Moral Argument


Moral Argument 


People have a sense of morality in life. Aquinas says we experience true, noble and good in this world. The cause of these 3 experiences is God. 


In "Critique of Practical Reason," Kant believes that people should and shouldn't act morally because of "duty for duty's sake." If we follow this, we are virtuous. Kant describes this as a categorical imperative, with 3 key elements:

  • Universalisation 
  • Means to an end 
  • Kingdom of ends 

Kant says we have a goal that we ought to aim for - Summon Bonum "the highest good." Kant assumes that we must be part of the demand of duty and obligation on us for "duty for dutys sake"/"ought implies can" - if we can perform a duty, we should do it to achieve summon bonum. In a perfect world, behaving morally would lead to happiness, but this does not happen as not everyone behaves morally.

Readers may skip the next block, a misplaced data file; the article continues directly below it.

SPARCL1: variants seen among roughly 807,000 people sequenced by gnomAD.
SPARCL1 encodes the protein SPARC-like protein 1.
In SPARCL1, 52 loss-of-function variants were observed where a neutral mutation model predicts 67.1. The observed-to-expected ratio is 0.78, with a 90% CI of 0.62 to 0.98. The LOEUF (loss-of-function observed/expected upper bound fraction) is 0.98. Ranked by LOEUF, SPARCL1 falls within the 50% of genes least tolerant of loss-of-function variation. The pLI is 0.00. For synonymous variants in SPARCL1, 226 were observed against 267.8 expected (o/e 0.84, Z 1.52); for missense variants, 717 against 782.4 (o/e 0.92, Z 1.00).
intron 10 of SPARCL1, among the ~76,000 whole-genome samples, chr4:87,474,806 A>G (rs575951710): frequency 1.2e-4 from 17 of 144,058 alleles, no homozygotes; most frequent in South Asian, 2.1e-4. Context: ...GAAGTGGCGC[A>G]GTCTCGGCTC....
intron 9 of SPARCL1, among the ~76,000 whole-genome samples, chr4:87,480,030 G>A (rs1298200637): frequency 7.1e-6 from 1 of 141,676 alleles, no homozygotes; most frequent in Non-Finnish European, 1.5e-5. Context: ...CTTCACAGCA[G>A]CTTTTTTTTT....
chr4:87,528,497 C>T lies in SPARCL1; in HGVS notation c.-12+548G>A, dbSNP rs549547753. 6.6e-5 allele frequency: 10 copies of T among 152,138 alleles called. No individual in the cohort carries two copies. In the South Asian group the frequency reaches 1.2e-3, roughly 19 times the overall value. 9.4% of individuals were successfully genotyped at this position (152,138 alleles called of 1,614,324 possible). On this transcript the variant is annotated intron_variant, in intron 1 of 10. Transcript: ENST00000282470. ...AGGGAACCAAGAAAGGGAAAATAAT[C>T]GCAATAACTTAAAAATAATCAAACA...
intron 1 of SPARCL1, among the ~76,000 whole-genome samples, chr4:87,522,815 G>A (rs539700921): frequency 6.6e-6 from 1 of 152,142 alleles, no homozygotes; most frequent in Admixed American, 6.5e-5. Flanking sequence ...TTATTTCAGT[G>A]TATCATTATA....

Kant assumes that free will, God and immortality justify people striving to achieve the highest good. Kant believed that God exists because there needs to be a being that is higher than us to set authority so we can gain morally from him and follow him. 


Freud gives 3 structures of the mind that have a role in our moral decision making. 

  • Ego - balances the two other part of the mind, controlling the Id from going chaotic. 
  • Id - the fun part of the brain that has to be controlled bu the ego so


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